Tuesday, November 19

Power in Resilience

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Jimmy Sandlin, General Manager, Holston Electric Cooperative

I recently watched “Unbroken,” the remarkable story of Louis Zamperini, a young Air Force lieutenant who served during World War II. Zamperini’s story is one of survival, redemption and incredible resilience.

After surviving a crash into the Pacific, Zamperini drifted in a tiny life raft for weeks before he was taken prisoner by the Japanese. His struggle was only beginning. He went on to endure two years of brutal captivity until he was finally freed at the end of the war.

Resilience is a valuable characteristic. It is something we want to instill in our kids. Athletes, business leaders, politicians and others are often described as “resilient.”

Resiliency also matters to your electric utility, and it is something we frequently discuss.

Resiliency is many things. It’s the reliability of your electric service, it’s our ability to efficiently restore your power, it’s being able to meet the demands of new technology, and it’s how we serve you with various generation sources without skipping a beat.

Having a resilient electric grid begins with a system that is designed and built to withstand high winds, powerful storms, cybersecurity threats and other disruptions that could result in outages. A resilient grid is also flexible and adaptable by allowing different types of generation — such as wind, solar, coal and hydro — to seamlessly work together to provide you with safe and reliable power. The way our systems react to advancements in technology — from demand response investments to serving the needs of electric vehicles — all factor into the resilience of our grid.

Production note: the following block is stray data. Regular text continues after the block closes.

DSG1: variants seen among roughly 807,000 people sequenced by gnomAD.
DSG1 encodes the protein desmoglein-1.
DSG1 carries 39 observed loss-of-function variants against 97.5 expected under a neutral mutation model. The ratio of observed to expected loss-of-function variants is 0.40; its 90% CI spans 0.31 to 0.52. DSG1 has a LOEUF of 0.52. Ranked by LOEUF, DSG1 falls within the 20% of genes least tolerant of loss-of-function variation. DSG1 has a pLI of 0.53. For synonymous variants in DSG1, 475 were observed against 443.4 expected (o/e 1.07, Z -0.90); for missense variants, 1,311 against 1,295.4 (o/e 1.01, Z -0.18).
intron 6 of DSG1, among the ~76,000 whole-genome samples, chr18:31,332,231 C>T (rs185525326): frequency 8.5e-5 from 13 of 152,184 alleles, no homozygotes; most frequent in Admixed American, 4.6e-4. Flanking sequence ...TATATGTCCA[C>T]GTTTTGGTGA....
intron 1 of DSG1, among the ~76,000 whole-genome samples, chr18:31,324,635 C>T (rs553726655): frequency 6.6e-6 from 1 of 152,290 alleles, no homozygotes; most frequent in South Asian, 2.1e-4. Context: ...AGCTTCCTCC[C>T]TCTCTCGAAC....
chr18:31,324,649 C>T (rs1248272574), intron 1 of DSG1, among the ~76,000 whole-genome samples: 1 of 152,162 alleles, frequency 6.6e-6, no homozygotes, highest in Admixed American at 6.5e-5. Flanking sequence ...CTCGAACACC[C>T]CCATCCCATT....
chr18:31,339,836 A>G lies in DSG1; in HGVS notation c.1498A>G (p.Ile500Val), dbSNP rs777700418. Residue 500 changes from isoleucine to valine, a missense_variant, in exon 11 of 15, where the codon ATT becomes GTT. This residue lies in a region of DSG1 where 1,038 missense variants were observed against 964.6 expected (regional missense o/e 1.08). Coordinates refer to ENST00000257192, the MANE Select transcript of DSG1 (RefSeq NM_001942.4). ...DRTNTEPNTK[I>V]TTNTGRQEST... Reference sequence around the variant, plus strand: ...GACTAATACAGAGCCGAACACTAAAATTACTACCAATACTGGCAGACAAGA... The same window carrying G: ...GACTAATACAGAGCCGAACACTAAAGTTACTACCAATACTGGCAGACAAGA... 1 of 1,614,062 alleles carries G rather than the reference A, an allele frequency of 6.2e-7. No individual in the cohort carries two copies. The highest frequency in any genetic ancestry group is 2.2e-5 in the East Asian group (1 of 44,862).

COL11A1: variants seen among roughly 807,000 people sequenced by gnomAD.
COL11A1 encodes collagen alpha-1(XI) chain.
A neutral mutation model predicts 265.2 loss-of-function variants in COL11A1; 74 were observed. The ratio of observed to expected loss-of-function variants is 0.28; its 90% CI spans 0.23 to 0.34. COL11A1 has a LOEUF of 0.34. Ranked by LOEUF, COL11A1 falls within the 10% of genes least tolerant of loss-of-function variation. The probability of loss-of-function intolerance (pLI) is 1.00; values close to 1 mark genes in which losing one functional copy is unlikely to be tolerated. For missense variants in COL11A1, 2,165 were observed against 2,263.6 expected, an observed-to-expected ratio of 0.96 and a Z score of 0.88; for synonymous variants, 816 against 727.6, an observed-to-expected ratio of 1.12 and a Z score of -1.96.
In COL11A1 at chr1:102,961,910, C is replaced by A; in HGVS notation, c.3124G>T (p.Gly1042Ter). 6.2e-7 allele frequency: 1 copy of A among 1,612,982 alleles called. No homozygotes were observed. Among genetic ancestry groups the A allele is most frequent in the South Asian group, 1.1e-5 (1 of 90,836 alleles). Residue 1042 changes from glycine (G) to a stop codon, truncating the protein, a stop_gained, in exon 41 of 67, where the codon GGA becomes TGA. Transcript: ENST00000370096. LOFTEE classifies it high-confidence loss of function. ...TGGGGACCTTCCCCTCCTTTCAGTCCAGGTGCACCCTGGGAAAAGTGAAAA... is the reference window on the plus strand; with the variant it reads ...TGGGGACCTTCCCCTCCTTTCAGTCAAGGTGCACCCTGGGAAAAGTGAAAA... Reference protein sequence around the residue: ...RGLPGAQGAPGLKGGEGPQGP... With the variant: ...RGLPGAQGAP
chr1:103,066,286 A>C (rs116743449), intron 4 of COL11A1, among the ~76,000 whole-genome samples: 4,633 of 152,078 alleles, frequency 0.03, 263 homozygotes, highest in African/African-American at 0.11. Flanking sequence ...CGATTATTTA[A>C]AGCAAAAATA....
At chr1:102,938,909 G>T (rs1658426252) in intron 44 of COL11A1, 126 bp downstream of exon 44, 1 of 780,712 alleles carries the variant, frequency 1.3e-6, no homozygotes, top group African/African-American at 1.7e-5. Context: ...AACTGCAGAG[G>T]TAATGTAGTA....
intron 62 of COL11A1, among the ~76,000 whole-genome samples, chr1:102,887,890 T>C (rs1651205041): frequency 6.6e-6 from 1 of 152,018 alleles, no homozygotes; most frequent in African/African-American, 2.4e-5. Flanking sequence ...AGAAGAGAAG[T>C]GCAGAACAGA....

Resiliency is a 24/7, 365-days-a-year task. Whether it’s the power lines, substations or other equipment on our grid, it takes proactive maintenance and investment to keep them running smoothly.

Similar to how we maintain our vehicles with regular oil changes, inspections and tire rotations, our grid must also be properly maintained. Throughout the year, we regularly conduct pole and line inspections. Our goal is to find a problem before it becomes major. Doing so ensures that our system is as strong — as resilient — as it can be.

We know that significant power outages can occur, especially as winter approaches. From ice storms to tornadoes, we are confident in the resiliency of our system to recover from the situation with as little disruption as possible.

In the dictionary, resilience is defined as “the ability to bounce back, recover quickly and go back into shape or position after being stretched.” When it comes to providing our consumers with resilient service, this is our goal — day in and day out.

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